• One theory suggests that the Medusa heads were brought to Istanbul from a pagan temple in Greece or Rome and were placed in the cistern as a way of Christianizing them. This theory suggests that the heads were repurposed as a symbol of Christianity to replace their original pagan associations.
  • Another theory is that the Medusa heads were created specifically for the Basilica Cistern and were intended to serve as a protective symbol, warding off evil spirits or protecting the water supply. This theory suggests that the heads were placed in the cistern as part of a ritual to protect the water source and ensure its purity.
  • A third theory is that the Medusa heads were added to the cistern purely for decorative purposes. This theory suggests that the heads were added to the cistern to showcase the skill of the artisans who created them and to add an air of mystery and intrigue to the underground water storage system.
  • Yet another theory proposes that the Medusa heads were added to the cistern as a tribute to the mythological figure of Medusa herself. This theory suggests that the heads were placed in the cistern as a way of honoring Medusa and her role in ancient Greek mythology.
Medusa in Mythology
  • Medusa was a Gorgon, a creature with snakes for hair and the ability to turn people to stone.
  • She was one of three Gorgon sisters, the others being Stheno and Euryale.
  • Medusa was once a beautiful woman but was cursed by the goddess Athena after she was raped in her temple by Poseidon.
  • The hero Perseus eventually defeated Medusa by using a mirror to avoid her gaze and cutting off her head.
  • Medusa's head had the power to turn people to stone, and it was eventually used by Perseus as a weapon against his enemies.
  • In ancient times, Medusa's image was often used as a protective symbol, intended to ward off evil spirits and protect sacred spaces.

Medusa In Mythology

  • Medusa is one of the three Gorgon sisters in Greek mythology, and she was the only one of the three who was mortal.
  • According to mythology, she was a beautiful maiden before she was cursed by Athena for her indiscretion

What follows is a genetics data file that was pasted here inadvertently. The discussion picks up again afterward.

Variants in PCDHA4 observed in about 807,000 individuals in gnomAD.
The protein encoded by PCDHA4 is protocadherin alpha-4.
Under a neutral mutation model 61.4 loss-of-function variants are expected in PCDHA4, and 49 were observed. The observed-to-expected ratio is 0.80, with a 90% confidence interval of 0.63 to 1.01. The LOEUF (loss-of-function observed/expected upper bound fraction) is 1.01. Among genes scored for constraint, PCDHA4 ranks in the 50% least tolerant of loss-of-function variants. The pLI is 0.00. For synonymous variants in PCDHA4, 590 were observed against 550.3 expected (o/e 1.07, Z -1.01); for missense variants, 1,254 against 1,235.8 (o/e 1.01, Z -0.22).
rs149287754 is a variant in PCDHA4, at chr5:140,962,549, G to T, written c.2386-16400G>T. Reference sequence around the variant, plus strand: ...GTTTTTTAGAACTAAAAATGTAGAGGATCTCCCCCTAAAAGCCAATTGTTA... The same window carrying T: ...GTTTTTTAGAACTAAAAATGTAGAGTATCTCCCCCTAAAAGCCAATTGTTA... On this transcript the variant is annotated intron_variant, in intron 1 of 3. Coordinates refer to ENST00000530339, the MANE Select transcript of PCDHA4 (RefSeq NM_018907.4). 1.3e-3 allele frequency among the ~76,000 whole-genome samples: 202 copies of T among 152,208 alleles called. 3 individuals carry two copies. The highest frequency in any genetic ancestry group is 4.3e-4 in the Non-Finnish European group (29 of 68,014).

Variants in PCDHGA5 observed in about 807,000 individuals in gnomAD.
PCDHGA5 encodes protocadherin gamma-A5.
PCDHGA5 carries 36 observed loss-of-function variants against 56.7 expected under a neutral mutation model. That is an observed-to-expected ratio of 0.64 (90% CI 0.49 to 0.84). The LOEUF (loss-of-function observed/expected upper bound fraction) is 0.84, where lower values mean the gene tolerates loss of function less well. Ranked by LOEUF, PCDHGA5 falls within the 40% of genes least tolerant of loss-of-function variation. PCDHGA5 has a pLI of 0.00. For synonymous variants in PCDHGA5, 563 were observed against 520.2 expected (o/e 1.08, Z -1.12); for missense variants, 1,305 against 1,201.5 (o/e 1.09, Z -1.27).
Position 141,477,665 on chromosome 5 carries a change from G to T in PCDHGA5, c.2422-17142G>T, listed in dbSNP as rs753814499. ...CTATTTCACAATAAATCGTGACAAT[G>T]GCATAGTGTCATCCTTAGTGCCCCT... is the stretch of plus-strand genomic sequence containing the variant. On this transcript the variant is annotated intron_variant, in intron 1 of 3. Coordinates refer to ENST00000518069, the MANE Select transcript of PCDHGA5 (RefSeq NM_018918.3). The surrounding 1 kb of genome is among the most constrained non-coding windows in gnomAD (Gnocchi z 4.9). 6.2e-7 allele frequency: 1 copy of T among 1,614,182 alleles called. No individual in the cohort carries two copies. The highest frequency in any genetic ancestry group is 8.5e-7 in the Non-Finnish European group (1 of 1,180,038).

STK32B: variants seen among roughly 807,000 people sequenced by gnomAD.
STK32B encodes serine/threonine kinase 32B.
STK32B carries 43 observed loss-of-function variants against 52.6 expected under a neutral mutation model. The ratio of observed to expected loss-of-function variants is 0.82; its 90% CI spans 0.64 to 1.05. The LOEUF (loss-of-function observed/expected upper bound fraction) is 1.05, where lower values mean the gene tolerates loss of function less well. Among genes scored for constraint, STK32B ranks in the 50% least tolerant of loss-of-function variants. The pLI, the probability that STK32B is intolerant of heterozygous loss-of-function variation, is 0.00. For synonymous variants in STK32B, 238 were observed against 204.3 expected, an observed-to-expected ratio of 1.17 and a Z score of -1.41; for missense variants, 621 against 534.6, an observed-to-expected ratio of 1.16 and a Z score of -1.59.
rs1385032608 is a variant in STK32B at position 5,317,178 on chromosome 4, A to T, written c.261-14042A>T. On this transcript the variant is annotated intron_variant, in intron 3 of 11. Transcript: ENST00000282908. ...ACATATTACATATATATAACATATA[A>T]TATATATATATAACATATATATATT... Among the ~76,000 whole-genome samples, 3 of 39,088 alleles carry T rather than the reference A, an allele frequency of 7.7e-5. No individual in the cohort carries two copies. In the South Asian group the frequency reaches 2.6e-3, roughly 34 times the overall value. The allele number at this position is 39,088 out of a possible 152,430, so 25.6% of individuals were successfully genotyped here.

• Medusa’s beauty enraptured Poseidon and he made love to her in the Temple of Athena.
  • This act of desecration incurred the wrath of Athena and she transformed Medusa’s hair into writhing serpents and cursed her gaze to turn all who beheld her into stone.
  • Perseus, a hero of Greek mythology, was tasked with slaying Medusa as part of his quest to save his mother and kingdom.
  • With the aid of gifts from the gods, including a mirrored shield and winged sandals, Perseus successfully beheaded Medusa while avoiding her deadly gaze.
  • Medusa's severed head became a powerful talisman, used to petrify enemies and protect its bearer.
  • In art and literature, Medusa symbolises the monstrous and the dangerous feminine side.
  • She also embodies themes of vulnerability and victimhood, as she was transformed into a monster against her will.
  • Medusa Head Basilica Cistern has several speculations as to its origin and the mystery deepens when you consider the way they have been placed.

Basilica Cistern

The Medusa Heads in Basilica Cistern, situated in the heart of Istanbul, is a captivating underground marvel steeped in history and shrouded in mystery. Dating back to the 6th century during the Byzantine Empire, this ancient reservoir served as a vital water source for the city. It was used to collect and store water from nearby aqueducts for the use of the palace. Its name, "Basilica," is derived from the nearby Stoa Basilica which is an ancient public square.